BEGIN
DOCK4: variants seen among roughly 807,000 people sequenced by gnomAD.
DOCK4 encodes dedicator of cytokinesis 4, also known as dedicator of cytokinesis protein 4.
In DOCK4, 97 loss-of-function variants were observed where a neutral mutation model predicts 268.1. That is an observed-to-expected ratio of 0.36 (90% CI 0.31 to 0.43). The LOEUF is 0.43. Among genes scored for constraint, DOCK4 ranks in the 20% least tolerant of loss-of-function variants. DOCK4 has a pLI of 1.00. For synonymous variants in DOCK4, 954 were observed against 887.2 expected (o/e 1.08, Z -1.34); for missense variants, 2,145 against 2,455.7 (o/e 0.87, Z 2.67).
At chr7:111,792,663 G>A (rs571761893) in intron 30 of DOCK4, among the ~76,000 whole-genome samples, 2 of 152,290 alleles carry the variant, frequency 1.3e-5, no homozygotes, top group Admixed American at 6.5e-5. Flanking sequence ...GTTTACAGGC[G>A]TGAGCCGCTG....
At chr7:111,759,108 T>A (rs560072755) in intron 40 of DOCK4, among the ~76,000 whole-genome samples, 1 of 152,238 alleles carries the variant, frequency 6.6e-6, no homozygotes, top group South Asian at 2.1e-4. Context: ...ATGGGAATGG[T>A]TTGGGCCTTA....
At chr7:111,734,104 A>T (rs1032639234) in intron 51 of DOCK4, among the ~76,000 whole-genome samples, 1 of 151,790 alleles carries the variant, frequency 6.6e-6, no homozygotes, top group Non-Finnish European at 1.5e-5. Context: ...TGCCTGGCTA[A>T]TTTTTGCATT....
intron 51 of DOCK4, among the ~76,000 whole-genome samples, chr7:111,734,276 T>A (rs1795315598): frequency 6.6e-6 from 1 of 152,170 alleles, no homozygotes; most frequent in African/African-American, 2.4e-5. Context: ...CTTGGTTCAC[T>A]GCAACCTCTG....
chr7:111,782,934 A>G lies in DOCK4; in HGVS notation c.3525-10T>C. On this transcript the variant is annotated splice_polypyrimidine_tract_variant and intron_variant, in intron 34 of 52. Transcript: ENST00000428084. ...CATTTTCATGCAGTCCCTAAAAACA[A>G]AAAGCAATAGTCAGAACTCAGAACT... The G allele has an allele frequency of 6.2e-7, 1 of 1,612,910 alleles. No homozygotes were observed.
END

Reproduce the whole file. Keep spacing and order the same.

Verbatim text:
DOCK4: variants seen among roughly 807,000 people sequenced by gnomAD.
DOCK4 encodes dedicator of cytokinesis 4, also known as dedicator of cytokinesis protein 4.
In DOCK4, 97 loss-of-function variants were observed where a neutral mutation model predicts 268.1. That is an observed-to-expected ratio of 0.36 (90% CI 0.31 to 0.43). The LOEUF is 0.43. Among genes scored for constraint, DOCK4 ranks in the 20% least tolerant of loss-of-function variants. DOCK4 has a pLI of 1.00. For synonymous variants in DOCK4, 954 were observed against 887.2 expected (o/e 1.08, Z -1.34); for missense variants, 2,145 against 2,455.7 (o/e 0.87, Z 2.67).
At chr7:111,792,663 G>A (rs571761893) in intron 30 of DOCK4, among the ~76,000 whole-genome samples, 2 of 152,290 alleles carry the variant, frequency 1.3e-5, no homozygotes, top group Admixed American at 6.5e-5. Flanking sequence ...GTTTACAGGC[G>A]TGAGCCGCTG....
At chr7:111,759,108 T>A (rs560072755) in intron 40 of DOCK4, among the ~76,000 whole-genome samples, 1 of 152,238 alleles carries the variant, frequency 6.6e-6, no homozygotes, top group South Asian at 2.1e-4. Context: ...ATGGGAATGG[T>A]TTGGGCCTTA....
At chr7:111,734,104 A>T (rs1032639234) in intron 51 of DOCK4, among the ~76,000 whole-genome samples, 1 of 151,790 alleles carries the variant, frequency 6.6e-6, no homozygotes, top group Non-Finnish European at 1.5e-5. Context: ...TGCCTGGCTA[A>T]TTTTTGCATT....
intron 51 of DOCK4, among the ~76,000 whole-genome samples, chr7:111,734,276 T>A (rs1795315598): frequency 6.6e-6 from 1 of 152,170 alleles, no homozygotes; most frequent in African/African-American, 2.4e-5. Context: ...CTTGGTTCAC[T>A]GCAACCTCTG....
chr7:111,782,934 A>G lies in DOCK4; in HGVS notation c.3525-10T>C. On this transcript the variant is annotated splice_polypyrimidine_tract_variant and intron_variant, in intron 34 of 52. Transcript: ENST00000428084. ...CATTTTCATGCAGTCCCTAAAAACA[A>G]AAAGCAATAGTCAGAACTCAGAACT... The G allele has an allele frequency of 6.2e-7, 1 of 1,612,910 alleles. No homozygotes were observed.